Breakdown: Game One – Penguins 0, Stars 3

The Penguins’ season started with a whimper Thursday night.

Pittsburgh’s offense, the topic of immense offseason hype, sputtered throughout the season opener in Dallas.

Antti Niemi, to his credit, impressively stoned the Penguins’ big guns on numerous occasions and pitched a shutout to start his tenure with the Stars.

The Stars had added some high-profile names to their lineup over the summer. The aforementioned Niemi, newly acquired from the Sharks, started between the pipes. Patrick Sharp and Johnny Oduya also brought their services to Dallas. A healthy Tyler Seguin rejoined Jamie Benn, last year’s Art Ross winner, and Jason Spezza on the top line.

The Pens’ offseason acquisitions are well-documented. Phil Kessel made a decent debut in black and Vegas gold, though he was held off the scoresheet. The Crosby-Kunitz-Kessel line spent a good portion of the game buzzing around the Dallas net, with Crosby and Kessel particularly showing good chemistry. Kessel ripped a few shots, including a slapper on the first powerplay, but the Stars held Crosby without a shot through the first two periods.

The Malkin-Plotnikov-Hornqvist line also showed brief flashes of brilliance, but Plotnikov clearly is still adjusting to the North American game.

David Perron, who faded last season after a stellar start with the Penguins, found himself on the third line with Nick Bonino and Beau Bennett. Daniel Sprong made his NHL debut on the fourth line with Matt Cullen and Bobby Farnham.

Dallas is a rarely seen Western Conference foe, so between-the-whistle chippiness was kept to a minimum. The result was a fairly tame opening game.

Just as many have suggested, the Penguins’ defensive corps looked to be the team’s weakness despite the lack of scoring. Olli Maatta, after sitting out the majority of the season, returned and looked rusty. Kris Letang, who also dealt with injuries for a long stretch of the 2014-15 season, seemed comfortable as the unquestioned number one defenseman.

Rob Scuderi actually took a couple shots, as a result of the Pens’ strategy of breaking into the zone and dropping to the point. Otherwise, he was the same Scuderi who caused so much angst among Penguins fans last year. Derrick Pouliot was notably absent from Pittsburgh’s opening day roster.


First period

Early on, Kessel streaked down the right side and put a shot on Niemi. Soon after, however, after Brian Dumoulin found Beau Bennett breaking into the Dallas zone, the Stars counterattacked and Mattias Janmark put one past Marc-Andre Fleury. It was Janmark’s first shot of his first shift of his first NHL game. Perron failed to lift Janmark’s stick as he skated in the slot.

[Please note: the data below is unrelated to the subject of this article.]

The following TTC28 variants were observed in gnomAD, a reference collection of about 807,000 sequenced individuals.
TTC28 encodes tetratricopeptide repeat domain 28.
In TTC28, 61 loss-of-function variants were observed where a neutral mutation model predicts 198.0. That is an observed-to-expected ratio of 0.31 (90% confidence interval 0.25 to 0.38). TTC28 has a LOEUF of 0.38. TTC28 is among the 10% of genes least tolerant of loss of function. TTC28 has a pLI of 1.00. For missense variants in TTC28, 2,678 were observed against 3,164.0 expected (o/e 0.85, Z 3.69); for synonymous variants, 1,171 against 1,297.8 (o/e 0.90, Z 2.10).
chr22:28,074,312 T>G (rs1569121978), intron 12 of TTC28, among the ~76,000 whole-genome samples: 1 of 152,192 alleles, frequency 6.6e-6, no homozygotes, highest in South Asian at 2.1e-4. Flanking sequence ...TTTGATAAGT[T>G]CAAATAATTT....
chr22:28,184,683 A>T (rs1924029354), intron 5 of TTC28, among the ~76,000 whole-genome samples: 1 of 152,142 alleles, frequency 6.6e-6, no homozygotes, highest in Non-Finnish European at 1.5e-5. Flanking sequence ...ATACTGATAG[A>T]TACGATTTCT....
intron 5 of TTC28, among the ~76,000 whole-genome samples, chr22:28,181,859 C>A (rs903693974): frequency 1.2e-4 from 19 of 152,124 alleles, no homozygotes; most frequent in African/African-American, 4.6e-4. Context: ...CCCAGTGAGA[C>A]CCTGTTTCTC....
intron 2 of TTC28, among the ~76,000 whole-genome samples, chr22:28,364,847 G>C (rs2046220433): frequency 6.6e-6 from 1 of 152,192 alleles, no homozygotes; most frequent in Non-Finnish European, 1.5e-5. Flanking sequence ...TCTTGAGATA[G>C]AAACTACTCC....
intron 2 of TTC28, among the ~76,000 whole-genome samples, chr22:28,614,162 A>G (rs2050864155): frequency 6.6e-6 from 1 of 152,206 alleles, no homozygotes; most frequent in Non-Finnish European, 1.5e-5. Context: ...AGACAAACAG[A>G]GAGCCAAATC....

Janmark continued to make trouble for the Penguins even as Benn and Seguin stayed relatively quiet. Seguin rang one off the crossbar before Malkin drew the first penalty of the game, getting hauled down by Jason Demers. The first powerplay unit moved the puck well but came up empty. Sprong made an appearance on the second unit.


Second period

Early in the second, Bonino hooked Spezza and went to the box. Ales Hemsky carried the puck on the rush, walked into the Penguins’ zone unopposed, and roofed a wrister on Fleury’s blocker side.

With a minute left in the frame, Mike Johnston had Crosby, Malkin and Kessel on the ice together. The “three-headed monster” threatened but failed to put the puck behind Niemi.


Third period

The third saw the Penguins trying to mount a comeback. Bennett and Cullen took bad penalties early in the period, slowing down any offensive momentum the Pens may have been building. On the ensuing powerplay after Cullen’s penalty, Sharp appeared to score his first goal as a member of the Stars. The refs waved the goal off and sent Benn to the box for pushing Lovejoy into Fleury.

Malkin took a high-sticking penalty when he caught Alex Goligoski with the follow-through on a backhanded shot. Soon after, Ian Cole clipped Seguin’s face while falling to the ice. Benn scored on the first shot after the Cole penalty to ice the game for the Stars.

Though the Pens pulled Fleury to send out an extra attacker, Niemi slammed the door with several solid saves. The ex-Sharks goalie had 37 total saves on the night.


The Good, the Bad and the Ugly

Phil Kessel

The Pens didn’t score, but it wasn’t for lack of effort on Kessel’s part. He looked fast and willing to shoot, and the top line meshed well. He was credited with two shots, but he attempted closer to eight. But for Niemi’s sparkling game, Kessel likely would have had at least one goal.

Kris Letang

Letang looked like the Norris Trophy candidate he was last year before he sustained a season-ending concussion. He was involved in the offense and looked strong on the powerplay, knocking down pucks at the blue line and making clean passes.

Chris Kunitz

Kunitz looked faster than he did at any point in the waning games of last season. He’ll have to be to keep up with Crosby and Kessel on the top line. He made his presence known in front of Niemi and was actually hit by a shot from Ian Cole.

Olli Maatta

Maatta missed the majority of last season, so it’s understandable that he would be rusty. However, he didn’t look particularly comfortable and committed a giveaway. The young defenseman has some time to re-acclimate to the NHL, but the quicker he does, the better the Penguins will be.

Rob Scuderi

Scuderi was on the ice for the Star’s even-strength goal in the first. He (surprisingly) took two shots, but at other points he allowed himself to be muscled off the puck.


The Penguins are back in action at the Arizona Coyotes at 10 p.m. on Saturday, October 10.